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JUDGES STRIVE TO TEMPER JUSTICE WITH COMPASSION

Anxiety is reflected in the defendant's eyes as he looks up at the black-robed judge sitting on the imposing bench.

With a snide grin, the judge glances down at the trembling defendant and states, "Now comes the fun part - the sentencing!"---

This judge's attitude toward sentencing, depicted in a recent magazine cartoon, may make some judges laugh - but it couldn't be further from the truth, says 3rd District Judge J. Dennis Frederick.

Although Frederick's been on the bench for more than eight years, sentencing never becomes easy or routine. Defendants never become faceless statistics. "Each case weighs on you. Every defendant's crime, circumstance and personal history is unique," he said.

Frederick, a former prosecutor, has a reputation for imposing severe sentences. He is surprised that only 60 percent of those interviewed in a Dan Jones poll believe judges are too lenient.

"There is a strong sense among the public for retribution. The public becomes outraged - and rightly so - over the commission of particularly heinous crimes and wants to exact punishment," he said.

When a defendant in a high profile case is granted probation instead of sentenced to prison, it generates a lot of media attention and fuels the public perception that all judges are soft on crime, said Frederick.

But if statistics comparing those who are placed on probation and those committed to prison were studied, "it would dispel the myth that everyone gets off with a hand slap," he said.

Unless judges are replaced in the 21st century by computers, there will always be disparity among judges in their individual sentencing philosophy. Guidelines lend uniformity to sentences imposed for similar crimes, but "there's room for discretion."

Frederick considers probation to be a privilege - not a right. "Without good and compelling reasons, the set statute penalty should be carried out."

The most difficult cases to sentence are those where a father has abused his child. "It is such a repulsive type of crime that you feel a punishment must be exacted. But by punishing the perpetrator with prison time, you are also further punishing the family by taking away the breadwinner from them. Typically, the families go on welfare."

Determining who is telling the truth is particularly challenging in child-abuse cases, he said.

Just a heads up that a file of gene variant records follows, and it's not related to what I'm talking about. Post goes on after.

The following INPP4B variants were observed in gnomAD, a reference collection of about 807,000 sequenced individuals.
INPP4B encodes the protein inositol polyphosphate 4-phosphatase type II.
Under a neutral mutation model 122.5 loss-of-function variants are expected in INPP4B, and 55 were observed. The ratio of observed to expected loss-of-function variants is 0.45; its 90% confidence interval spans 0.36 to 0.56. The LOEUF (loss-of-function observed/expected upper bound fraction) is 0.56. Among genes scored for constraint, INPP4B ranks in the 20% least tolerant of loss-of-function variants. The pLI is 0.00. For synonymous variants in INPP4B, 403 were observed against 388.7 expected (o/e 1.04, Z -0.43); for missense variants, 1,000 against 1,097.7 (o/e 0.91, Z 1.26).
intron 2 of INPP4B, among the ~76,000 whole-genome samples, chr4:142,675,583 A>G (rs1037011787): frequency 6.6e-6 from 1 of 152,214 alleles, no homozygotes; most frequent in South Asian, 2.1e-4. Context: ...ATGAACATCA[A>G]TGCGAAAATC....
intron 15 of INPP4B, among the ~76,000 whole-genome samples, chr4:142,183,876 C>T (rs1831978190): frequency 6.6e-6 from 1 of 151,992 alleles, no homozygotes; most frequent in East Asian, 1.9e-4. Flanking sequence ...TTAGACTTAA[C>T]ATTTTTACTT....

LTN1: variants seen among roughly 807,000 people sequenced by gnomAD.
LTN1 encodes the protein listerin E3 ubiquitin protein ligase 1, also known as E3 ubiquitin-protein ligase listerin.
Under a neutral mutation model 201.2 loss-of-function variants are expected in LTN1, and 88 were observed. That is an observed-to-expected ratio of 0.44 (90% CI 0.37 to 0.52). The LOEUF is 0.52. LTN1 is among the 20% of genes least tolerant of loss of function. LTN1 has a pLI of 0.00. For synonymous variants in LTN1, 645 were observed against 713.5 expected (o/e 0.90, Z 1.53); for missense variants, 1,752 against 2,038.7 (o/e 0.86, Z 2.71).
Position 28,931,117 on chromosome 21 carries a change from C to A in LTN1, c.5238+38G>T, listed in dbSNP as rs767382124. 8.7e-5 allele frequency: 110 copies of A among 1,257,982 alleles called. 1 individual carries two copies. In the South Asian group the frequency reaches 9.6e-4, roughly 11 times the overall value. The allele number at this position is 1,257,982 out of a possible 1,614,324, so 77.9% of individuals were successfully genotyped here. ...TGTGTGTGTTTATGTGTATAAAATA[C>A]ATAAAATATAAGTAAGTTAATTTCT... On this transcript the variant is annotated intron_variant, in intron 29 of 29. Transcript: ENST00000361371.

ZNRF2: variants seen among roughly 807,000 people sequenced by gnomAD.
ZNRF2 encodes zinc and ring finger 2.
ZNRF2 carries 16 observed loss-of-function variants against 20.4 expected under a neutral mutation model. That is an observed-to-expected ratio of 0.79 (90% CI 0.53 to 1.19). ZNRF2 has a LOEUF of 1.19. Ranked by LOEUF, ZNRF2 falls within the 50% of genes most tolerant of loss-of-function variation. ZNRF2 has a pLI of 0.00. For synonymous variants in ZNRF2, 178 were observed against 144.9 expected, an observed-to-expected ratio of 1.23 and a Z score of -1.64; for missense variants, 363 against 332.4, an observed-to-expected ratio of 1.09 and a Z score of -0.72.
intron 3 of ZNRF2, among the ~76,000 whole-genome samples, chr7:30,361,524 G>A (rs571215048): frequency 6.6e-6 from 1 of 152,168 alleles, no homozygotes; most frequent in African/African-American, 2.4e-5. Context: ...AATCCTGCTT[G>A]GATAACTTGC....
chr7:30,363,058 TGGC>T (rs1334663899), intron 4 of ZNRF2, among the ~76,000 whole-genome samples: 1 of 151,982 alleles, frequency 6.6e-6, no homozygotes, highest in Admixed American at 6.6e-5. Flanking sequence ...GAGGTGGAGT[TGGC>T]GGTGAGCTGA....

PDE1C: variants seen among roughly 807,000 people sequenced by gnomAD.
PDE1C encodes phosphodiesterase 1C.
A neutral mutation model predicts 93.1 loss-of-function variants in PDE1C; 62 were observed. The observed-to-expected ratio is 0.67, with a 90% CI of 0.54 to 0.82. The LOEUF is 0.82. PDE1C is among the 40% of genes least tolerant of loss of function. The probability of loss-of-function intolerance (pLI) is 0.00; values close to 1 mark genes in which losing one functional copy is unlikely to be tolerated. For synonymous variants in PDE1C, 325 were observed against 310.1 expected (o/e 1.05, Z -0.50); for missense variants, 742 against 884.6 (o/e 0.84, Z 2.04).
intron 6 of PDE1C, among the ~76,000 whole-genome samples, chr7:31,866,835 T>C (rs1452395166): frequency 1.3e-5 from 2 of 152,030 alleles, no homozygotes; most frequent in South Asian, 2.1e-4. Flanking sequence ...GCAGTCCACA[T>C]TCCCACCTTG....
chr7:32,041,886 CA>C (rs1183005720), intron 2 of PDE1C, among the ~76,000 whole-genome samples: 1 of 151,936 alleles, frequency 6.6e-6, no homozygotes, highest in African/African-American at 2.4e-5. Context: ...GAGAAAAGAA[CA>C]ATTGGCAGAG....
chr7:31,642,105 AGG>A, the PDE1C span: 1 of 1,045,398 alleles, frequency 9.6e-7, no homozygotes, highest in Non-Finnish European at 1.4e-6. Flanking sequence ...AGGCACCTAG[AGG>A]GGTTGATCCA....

He recalls an 11-year-old who testified against her stepfather. After a four-day trial, the girl's stepfather was found guilty of sexually abusing her. Based on the jury's verdict, Frederick sentenced the man to prison.

Later, the girl returned to Frederick's court accompanied by her stepfather's defense lawyer and the prosecutor who had handled the case. The attorneys advised Frederick that the 11-year-old wished to recant her testimony. After Frederick assigned an independent attorney to the case, all three attorneys concluded that the girl had lied on the witness stand.

"I had no alternative but to release the man from prison. But there's always the nagging thought in my mind that pressure had been brought against this victim to get her to recant."

The skills required to be a good judge have nothing to do with one's gender, said Frederick.

He is pleased that 71 percent of those polled expressed concern that there are no women among Utah's 28 trial court judges.

"Judges should be appointed based on qualifications. Gender should be of no consequence either way," the judge said.

Alan Sullivan, a partner with a major Salt Lake law firm, says that considering the high number of outstanding women law school graduates, capable litigators and leaders in the legal community, it is "astonishing there aren't more women on the trial bench."

The absence of a representative number of women suggests that the "selection process is not totally unbiased."

Sullivan urges members of the Commission of Justice in the 21st Century - who are charged with responding to the results of the poll - to challenge those involved in judicial selection to recruit women and achieve a more balanced bench.

"If there is an element of discrimination - intentional or not - it devalues the bench and discourages qualified people from applying - both men and women," said Sullivan.

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(DAN JONES & ASSOCIATES POLL)

How serious do you think the following problem in Utah's state courts is?

Lenient judges

Not serious at all...9 percent

Not too serious...22 percent

Somewhat serious...36 percent

Very serious 24...percent

Don't know 9...percent

Do you agree or disagree with the following statements? The fact that there are no women among the 28 judges on the general trial courts is a problem that should be addressed.

Strongly agree 38...percent

Somewhat agree 33...percent

Somewhat disagree 17...percent

Strongly disagree 7...percent

Don't know 4...percent

Sample size: 612; margin of error plus or minus 4 percent